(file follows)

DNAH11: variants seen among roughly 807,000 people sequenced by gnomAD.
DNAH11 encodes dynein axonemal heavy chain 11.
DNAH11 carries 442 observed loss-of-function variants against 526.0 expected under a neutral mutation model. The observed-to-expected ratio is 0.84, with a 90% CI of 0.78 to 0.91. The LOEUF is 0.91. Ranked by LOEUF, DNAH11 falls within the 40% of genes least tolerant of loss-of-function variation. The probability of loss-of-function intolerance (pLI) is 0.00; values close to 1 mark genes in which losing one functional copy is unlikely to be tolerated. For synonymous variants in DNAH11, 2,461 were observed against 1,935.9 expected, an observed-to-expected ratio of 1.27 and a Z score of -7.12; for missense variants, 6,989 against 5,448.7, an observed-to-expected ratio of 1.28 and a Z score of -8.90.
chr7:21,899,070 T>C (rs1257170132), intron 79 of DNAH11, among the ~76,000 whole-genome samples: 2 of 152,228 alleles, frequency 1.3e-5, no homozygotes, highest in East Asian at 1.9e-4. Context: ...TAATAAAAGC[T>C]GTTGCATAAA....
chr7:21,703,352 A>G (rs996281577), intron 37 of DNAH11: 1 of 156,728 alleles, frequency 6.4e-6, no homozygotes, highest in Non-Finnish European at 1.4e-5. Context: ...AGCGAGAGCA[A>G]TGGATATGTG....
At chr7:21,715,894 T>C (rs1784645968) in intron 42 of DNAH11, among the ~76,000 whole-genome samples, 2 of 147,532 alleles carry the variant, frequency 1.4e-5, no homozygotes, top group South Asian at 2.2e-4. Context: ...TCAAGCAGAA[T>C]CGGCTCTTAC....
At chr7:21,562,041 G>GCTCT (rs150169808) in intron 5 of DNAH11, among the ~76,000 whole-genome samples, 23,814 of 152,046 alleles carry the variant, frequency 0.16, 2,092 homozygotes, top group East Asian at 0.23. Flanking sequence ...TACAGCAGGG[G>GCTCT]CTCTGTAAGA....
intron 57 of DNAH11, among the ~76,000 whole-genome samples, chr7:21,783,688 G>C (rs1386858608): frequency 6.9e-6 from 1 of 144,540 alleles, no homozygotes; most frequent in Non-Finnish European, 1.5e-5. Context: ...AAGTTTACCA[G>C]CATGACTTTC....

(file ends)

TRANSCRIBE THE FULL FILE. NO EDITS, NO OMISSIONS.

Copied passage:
DNAH11: variants seen among roughly 807,000 people sequenced by gnomAD.
DNAH11 encodes dynein axonemal heavy chain 11.
DNAH11 carries 442 observed loss-of-function variants against 526.0 expected under a neutral mutation model. The observed-to-expected ratio is 0.84, with a 90% CI of 0.78 to 0.91. The LOEUF is 0.91. Ranked by LOEUF, DNAH11 falls within the 40% of genes least tolerant of loss-of-function variation. The probability of loss-of-function intolerance (pLI) is 0.00; values close to 1 mark genes in which losing one functional copy is unlikely to be tolerated. For synonymous variants in DNAH11, 2,461 were observed against 1,935.9 expected, an observed-to-expected ratio of 1.27 and a Z score of -7.12; for missense variants, 6,989 against 5,448.7, an observed-to-expected ratio of 1.28 and a Z score of -8.90.
chr7:21,899,070 T>C (rs1257170132), intron 79 of DNAH11, among the ~76,000 whole-genome samples: 2 of 152,228 alleles, frequency 1.3e-5, no homozygotes, highest in East Asian at 1.9e-4. Context: ...TAATAAAAGC[T>C]GTTGCATAAA....
chr7:21,703,352 A>G (rs996281577), intron 37 of DNAH11: 1 of 156,728 alleles, frequency 6.4e-6, no homozygotes, highest in Non-Finnish European at 1.4e-5. Context: ...AGCGAGAGCA[A>G]TGGATATGTG....
At chr7:21,715,894 T>C (rs1784645968) in intron 42 of DNAH11, among the ~76,000 whole-genome samples, 2 of 147,532 alleles carry the variant, frequency 1.4e-5, no homozygotes, top group South Asian at 2.2e-4. Context: ...TCAAGCAGAA[T>C]CGGCTCTTAC....
At chr7:21,562,041 G>GCTCT (rs150169808) in intron 5 of DNAH11, among the ~76,000 whole-genome samples, 23,814 of 152,046 alleles carry the variant, frequency 0.16, 2,092 homozygotes, top group East Asian at 0.23. Flanking sequence ...TACAGCAGGG[G>GCTCT]CTCTGTAAGA....
intron 57 of DNAH11, among the ~76,000 whole-genome samples, chr7:21,783,688 G>C (rs1386858608): frequency 6.9e-6 from 1 of 144,540 alleles, no homozygotes; most frequent in Non-Finnish European, 1.5e-5. Context: ...AAGTTTACCA[G>C]CATGACTTTC....